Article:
• GtB
In summary: I could read more about probability?Thanks!In summary, the game Rob is playing has a chance of drawing a specific card, Card X, in his opening hand when he has seven cards. This chance is 49.2% if the first card is drawn, and 66.53% if the first card is not drawn. Additionally, if Rob does not like his initial seven cards, he can shuffle them and draw another seven cards, called a mulligan. This second chance has a chance of 33.47% of not drawing any cards.
GtB
Searched the forums and found two posts related to what I want to know but did not help me enough to answer my question...probably do not know enough about probability and do not know the right keywords.

The game I play people usually have 60 card decks, you can have more then 60 but 60 is the number of cards people usually stick with.

Lets say for this question my deck has 15 different cards, 4 of each card for a total of 60 cards in the deck.

To start the game I draw 7 cards into my hand.

I have two questions.

1. What is the chance of my drawing a specific card, I will refer this card as Card X, in my opening hand?

My understanding is this (assuming it is the last card I draw)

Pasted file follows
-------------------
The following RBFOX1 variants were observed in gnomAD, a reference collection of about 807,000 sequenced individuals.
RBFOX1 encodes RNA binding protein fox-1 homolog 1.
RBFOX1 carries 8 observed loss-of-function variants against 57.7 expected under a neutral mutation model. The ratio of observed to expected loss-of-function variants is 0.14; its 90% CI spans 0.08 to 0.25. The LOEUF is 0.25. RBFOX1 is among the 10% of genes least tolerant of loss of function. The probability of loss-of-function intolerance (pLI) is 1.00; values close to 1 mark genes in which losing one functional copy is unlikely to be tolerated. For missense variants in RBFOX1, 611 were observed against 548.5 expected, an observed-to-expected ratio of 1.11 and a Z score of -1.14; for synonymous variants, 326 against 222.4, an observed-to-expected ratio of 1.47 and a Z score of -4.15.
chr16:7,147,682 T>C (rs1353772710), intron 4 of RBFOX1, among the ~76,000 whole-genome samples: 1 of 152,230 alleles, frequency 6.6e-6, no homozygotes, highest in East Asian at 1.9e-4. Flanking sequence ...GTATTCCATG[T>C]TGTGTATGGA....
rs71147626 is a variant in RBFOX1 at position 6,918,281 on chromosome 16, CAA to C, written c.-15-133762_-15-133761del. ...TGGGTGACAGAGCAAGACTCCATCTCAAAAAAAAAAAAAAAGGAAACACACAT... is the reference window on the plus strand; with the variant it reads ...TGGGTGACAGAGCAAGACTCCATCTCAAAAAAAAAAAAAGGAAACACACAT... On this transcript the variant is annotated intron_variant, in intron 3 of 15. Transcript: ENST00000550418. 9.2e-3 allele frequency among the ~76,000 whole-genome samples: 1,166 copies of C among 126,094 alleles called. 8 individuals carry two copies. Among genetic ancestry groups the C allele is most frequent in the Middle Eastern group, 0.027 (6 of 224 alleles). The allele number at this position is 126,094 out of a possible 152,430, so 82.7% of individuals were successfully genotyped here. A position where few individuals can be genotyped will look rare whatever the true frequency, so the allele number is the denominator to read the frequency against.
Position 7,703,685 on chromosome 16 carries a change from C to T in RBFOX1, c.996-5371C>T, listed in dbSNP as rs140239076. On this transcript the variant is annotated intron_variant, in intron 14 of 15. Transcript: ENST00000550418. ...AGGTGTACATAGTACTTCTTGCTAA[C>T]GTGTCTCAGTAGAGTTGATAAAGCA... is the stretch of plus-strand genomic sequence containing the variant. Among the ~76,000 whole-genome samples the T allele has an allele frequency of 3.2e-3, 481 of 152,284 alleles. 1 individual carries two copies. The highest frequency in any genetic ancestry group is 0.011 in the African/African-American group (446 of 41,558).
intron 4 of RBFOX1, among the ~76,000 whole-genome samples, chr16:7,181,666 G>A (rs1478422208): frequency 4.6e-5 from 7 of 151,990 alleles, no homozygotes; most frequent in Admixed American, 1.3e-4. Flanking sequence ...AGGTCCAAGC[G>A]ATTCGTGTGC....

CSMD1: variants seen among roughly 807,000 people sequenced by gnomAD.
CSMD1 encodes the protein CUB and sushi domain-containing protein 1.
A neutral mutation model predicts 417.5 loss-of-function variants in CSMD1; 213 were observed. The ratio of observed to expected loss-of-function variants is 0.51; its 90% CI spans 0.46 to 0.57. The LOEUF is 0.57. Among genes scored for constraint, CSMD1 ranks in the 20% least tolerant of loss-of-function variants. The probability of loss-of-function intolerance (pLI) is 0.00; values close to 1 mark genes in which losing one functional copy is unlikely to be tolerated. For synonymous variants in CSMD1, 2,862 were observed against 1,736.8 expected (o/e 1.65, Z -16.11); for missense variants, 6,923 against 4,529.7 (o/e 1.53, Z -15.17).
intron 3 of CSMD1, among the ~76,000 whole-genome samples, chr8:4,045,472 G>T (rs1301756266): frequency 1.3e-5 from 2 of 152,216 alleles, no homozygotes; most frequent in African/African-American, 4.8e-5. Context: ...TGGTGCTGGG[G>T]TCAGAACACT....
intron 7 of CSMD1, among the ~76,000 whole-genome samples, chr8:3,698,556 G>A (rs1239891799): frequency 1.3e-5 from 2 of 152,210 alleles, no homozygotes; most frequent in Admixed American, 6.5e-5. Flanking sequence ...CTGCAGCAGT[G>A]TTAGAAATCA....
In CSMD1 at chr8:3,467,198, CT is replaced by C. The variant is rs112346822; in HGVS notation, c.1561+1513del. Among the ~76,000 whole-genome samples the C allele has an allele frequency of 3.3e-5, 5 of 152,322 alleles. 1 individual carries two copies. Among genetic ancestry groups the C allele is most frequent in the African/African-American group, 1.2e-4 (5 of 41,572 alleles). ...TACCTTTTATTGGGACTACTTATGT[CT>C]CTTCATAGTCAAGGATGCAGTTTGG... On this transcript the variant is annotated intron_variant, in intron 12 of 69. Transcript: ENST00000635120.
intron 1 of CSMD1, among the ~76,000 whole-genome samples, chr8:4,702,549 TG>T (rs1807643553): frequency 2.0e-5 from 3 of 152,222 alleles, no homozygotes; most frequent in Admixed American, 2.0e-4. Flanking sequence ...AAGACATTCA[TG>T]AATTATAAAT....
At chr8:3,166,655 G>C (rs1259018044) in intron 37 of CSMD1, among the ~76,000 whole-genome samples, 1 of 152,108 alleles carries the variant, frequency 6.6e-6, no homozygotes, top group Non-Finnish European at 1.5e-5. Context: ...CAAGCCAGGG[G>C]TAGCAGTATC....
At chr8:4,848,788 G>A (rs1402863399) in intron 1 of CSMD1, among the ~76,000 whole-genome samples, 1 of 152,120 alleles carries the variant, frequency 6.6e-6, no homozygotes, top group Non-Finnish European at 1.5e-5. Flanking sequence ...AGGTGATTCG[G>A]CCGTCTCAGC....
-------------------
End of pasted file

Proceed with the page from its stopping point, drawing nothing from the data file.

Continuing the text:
Chance to draw Card X in Opening Hand of Seven Cards= (4/60)+(4/59)+(4/58)+(4/57)+(4/56)+(4/55)+(4/54)
Chance to draw Card X in Opening Hand of Seven Cards = 49.2%

Is this correct?

2. In the game I play if we do not like our first 7 cards we can reshuffle our deck and draw another seven cards, called mulligan.

Knowing this, what is the chance that I will draw Card X in my Opening Hand of Seven cards in either my intital draw or my mulligan draw?

I know enough about this to know I am not sure what kind of math needs to be done.

On a side note, what kind of math would I need to study to learn about the kind of probabilites I would use for my card game? I am not a professional player but it is my main hobby and I would very much like to not only be able to build my decks knowing how many cards I should put in my deck but I would also like to know the probabilities during a match. Knowing the basics would really help me.